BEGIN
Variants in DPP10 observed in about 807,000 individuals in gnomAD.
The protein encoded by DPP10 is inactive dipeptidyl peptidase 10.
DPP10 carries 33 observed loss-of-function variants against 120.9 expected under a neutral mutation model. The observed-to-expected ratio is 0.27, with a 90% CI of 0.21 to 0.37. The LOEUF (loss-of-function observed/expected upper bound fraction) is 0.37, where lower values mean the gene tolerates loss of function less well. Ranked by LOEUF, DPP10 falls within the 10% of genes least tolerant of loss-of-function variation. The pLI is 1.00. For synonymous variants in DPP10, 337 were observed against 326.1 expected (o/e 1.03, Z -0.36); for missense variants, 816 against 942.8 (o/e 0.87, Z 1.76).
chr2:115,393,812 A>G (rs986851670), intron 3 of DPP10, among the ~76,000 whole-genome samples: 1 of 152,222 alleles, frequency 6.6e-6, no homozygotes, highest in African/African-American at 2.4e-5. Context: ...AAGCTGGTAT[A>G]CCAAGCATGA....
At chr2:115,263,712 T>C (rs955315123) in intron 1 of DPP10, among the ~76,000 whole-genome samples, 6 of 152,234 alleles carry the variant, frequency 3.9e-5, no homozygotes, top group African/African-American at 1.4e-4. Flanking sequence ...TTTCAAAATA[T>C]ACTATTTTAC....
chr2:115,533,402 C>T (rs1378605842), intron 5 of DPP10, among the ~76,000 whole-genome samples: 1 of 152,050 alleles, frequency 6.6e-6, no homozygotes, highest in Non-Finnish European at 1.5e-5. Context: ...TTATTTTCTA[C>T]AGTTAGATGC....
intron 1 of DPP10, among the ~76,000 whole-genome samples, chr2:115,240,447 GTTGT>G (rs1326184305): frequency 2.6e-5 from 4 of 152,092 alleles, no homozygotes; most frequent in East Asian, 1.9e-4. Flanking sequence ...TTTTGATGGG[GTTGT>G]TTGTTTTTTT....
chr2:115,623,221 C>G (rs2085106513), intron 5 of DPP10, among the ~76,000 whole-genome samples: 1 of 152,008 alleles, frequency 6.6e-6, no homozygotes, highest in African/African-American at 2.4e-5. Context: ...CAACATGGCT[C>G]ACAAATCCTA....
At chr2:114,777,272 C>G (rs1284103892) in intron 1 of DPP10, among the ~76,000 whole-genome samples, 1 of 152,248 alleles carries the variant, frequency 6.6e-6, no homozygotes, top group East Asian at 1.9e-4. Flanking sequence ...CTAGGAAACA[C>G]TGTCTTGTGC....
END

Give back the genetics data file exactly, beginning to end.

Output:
Variants in DPP10 observed in about 807,000 individuals in gnomAD.
The protein encoded by DPP10 is inactive dipeptidyl peptidase 10.
DPP10 carries 33 observed loss-of-function variants against 120.9 expected under a neutral mutation model. The observed-to-expected ratio is 0.27, with a 90% CI of 0.21 to 0.37. The LOEUF (loss-of-function observed/expected upper bound fraction) is 0.37, where lower values mean the gene tolerates loss of function less well. Ranked by LOEUF, DPP10 falls within the 10% of genes least tolerant of loss-of-function variation. The pLI is 1.00. For synonymous variants in DPP10, 337 were observed against 326.1 expected (o/e 1.03, Z -0.36); for missense variants, 816 against 942.8 (o/e 0.87, Z 1.76).
chr2:115,393,812 A>G (rs986851670), intron 3 of DPP10, among the ~76,000 whole-genome samples: 1 of 152,222 alleles, frequency 6.6e-6, no homozygotes, highest in African/African-American at 2.4e-5. Context: ...AAGCTGGTAT[A>G]CCAAGCATGA....
At chr2:115,263,712 T>C (rs955315123) in intron 1 of DPP10, among the ~76,000 whole-genome samples, 6 of 152,234 alleles carry the variant, frequency 3.9e-5, no homozygotes, top group African/African-American at 1.4e-4. Flanking sequence ...TTTCAAAATA[T>C]ACTATTTTAC....
chr2:115,533,402 C>T (rs1378605842), intron 5 of DPP10, among the ~76,000 whole-genome samples: 1 of 152,050 alleles, frequency 6.6e-6, no homozygotes, highest in Non-Finnish European at 1.5e-5. Context: ...TTATTTTCTA[C>T]AGTTAGATGC....
intron 1 of DPP10, among the ~76,000 whole-genome samples, chr2:115,240,447 GTTGT>G (rs1326184305): frequency 2.6e-5 from 4 of 152,092 alleles, no homozygotes; most frequent in East Asian, 1.9e-4. Flanking sequence ...TTTTGATGGG[GTTGT>G]TTGTTTTTTT....
chr2:115,623,221 C>G (rs2085106513), intron 5 of DPP10, among the ~76,000 whole-genome samples: 1 of 152,008 alleles, frequency 6.6e-6, no homozygotes, highest in African/African-American at 2.4e-5. Context: ...CAACATGGCT[C>G]ACAAATCCTA....
At chr2:114,777,272 C>G (rs1284103892) in intron 1 of DPP10, among the ~76,000 whole-genome samples, 1 of 152,248 alleles carries the variant, frequency 6.6e-6, no homozygotes, top group East Asian at 1.9e-4. Flanking sequence ...CTAGGAAACA[C>G]TGTCTTGTGC....